Additionally, the empirical analysis testing Ogbu's concept on the example of
Hungarians does not favour the thesis of oppositional culture. The Hungarian
national minority as an involuntary group is not significantly disadvantaged
with respect to educational attainment (with the exception of Slovakia). On the
contrary, they seem to catch up with the majority i.e. the gap between majority
and minority appears to be closing.
This article discusses the position of legal anthropology among the legal sciences and its interdisciplinary character through the example of the socio-legal studies of the Hungarian Roma minority. The first part illustrates the place of legal anthropology among the other legal and social disciplines, and its role in legal thinking, by the analysis of a practical question, “What can we do to improve the social position of the Hungarian Roma minority by legal means?” The second part considers the importance of legal anthropology in the Hungarian Roma studies, briefly sketching the characteristics of the ethnological, sociological and cultural anthropological approaches. Finally, the article surveys the insights gained from the socio-legal studies of the Hungarian Roma minority over the last two decades. It highlights the inspiring results of legal anthropological studies, and also the difficulties contemporary research has to face.
The Polish Constitution adopted on 2 April 1997, for the first time after the war, contains a provision dedicated exclusively to protecting national and ethnic minorities, however without a definition of those two categories. The legislator extended the rights of national and ethnic minorities beyond those identified in the Article 35. The extension of such rights also results from international agreements. Thus far there is no statute regulating in a comprehensive and complete manner the situation of national and ethnic minorities (the Constitution does not make its adoption mandatory), the legal regulations concerning these issues are dispersed. The problem of legal definition of the national minority appeared in connection with the initiative of the formal recognition of the Union of People of Silesian Minority. Its application has been rejected by Polish courts for the reason of non-existence of such a minority and for the attempt of abuse of the electoral privilege granted to national minorities. The Supreme Court's position has been confirmed by the Chamber and then by the Grand Chamber of the European Court of Human Rights. However the 2002 national census revealed a new phenomenon of the Silesian minority: 3% of the inhabitants of the region declared their affinity to Silesian nationality.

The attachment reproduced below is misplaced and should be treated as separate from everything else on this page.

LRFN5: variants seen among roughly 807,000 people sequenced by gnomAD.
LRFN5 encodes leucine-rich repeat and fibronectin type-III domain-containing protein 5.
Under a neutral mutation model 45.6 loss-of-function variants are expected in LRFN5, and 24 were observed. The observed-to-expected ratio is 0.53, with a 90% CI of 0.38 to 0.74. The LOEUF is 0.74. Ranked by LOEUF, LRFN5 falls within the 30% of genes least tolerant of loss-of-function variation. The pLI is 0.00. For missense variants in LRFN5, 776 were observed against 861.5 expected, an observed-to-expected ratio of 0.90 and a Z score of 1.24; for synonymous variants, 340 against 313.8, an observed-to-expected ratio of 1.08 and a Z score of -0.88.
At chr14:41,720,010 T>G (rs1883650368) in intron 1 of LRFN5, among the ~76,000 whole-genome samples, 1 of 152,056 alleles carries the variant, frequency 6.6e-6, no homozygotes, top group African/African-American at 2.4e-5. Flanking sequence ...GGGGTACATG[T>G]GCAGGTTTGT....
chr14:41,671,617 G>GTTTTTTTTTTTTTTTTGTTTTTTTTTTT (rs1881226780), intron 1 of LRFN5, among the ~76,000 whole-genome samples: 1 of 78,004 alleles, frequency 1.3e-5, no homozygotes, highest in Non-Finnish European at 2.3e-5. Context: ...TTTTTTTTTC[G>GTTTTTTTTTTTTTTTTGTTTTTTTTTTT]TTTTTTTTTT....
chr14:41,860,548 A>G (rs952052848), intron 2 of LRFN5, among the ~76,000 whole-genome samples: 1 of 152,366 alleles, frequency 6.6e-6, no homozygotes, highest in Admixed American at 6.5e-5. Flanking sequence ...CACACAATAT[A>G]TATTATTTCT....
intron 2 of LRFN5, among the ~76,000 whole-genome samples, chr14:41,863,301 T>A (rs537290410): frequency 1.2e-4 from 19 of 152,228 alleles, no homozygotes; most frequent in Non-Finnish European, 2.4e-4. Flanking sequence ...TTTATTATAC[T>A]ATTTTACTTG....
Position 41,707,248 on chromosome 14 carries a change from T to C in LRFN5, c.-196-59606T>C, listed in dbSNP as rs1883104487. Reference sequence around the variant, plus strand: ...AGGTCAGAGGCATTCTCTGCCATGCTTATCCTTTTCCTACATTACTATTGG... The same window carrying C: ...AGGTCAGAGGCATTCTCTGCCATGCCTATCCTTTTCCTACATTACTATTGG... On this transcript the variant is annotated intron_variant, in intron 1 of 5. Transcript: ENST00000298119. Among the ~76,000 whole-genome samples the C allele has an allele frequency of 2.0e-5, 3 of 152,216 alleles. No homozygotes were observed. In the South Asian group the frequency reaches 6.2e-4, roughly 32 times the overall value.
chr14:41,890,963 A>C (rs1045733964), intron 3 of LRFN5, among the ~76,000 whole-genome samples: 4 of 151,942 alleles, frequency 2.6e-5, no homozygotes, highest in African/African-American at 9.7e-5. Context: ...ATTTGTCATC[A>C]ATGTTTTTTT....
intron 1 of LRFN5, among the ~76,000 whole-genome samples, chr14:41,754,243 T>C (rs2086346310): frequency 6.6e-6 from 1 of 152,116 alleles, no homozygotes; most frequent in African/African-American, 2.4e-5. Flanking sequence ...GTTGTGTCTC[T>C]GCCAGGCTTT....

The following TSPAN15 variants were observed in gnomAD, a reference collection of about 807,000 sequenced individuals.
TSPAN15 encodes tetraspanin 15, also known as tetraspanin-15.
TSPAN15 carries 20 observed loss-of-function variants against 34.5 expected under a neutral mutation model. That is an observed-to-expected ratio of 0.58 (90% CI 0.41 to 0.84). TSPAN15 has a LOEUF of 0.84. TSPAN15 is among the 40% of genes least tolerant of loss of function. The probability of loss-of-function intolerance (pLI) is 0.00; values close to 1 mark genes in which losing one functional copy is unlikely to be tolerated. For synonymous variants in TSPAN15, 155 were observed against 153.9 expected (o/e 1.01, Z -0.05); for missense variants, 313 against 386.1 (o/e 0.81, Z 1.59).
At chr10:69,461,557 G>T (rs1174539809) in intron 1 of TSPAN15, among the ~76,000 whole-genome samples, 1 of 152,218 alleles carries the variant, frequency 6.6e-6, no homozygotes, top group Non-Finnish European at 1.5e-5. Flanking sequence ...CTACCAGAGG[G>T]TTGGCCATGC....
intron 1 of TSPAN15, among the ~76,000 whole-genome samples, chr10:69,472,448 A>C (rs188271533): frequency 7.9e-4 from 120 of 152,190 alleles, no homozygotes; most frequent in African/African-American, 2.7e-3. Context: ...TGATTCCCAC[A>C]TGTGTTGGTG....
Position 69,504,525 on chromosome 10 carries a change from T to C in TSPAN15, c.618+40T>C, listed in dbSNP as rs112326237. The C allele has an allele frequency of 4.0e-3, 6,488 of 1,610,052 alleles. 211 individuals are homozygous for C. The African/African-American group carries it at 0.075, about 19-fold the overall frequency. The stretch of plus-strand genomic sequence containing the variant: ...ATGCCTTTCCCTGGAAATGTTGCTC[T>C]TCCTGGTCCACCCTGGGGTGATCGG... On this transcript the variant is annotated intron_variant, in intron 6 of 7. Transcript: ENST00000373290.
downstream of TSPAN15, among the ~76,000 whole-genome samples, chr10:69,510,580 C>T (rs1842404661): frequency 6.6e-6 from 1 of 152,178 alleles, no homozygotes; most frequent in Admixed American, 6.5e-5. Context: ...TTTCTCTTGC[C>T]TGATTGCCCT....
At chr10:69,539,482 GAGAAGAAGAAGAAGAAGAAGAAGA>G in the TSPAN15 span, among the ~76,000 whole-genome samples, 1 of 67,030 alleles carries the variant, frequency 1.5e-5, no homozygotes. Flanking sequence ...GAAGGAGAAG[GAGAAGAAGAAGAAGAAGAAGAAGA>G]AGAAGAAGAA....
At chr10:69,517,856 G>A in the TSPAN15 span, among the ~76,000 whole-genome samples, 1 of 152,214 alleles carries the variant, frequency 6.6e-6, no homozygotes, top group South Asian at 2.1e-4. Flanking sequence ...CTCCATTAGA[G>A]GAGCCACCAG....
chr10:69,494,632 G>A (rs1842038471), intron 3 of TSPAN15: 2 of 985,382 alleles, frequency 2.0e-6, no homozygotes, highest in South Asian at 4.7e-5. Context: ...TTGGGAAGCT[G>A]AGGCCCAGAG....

Oberwart ( Osuch, 2008 ). The authorities and the Oberwart community, wanting to help the Romani minority after the 1995 terrorist attack, in which four Romani were killed, opened a company employing over a dozen of Romani women. The company cooperated with
minority, while policy B considered it as a baunch of socially disadvantaged and marginalized group ( Forray & Kozma, 2012 ). We continue in this study what we raised earlier. We assume that both policies are present in our region, Central and Eastern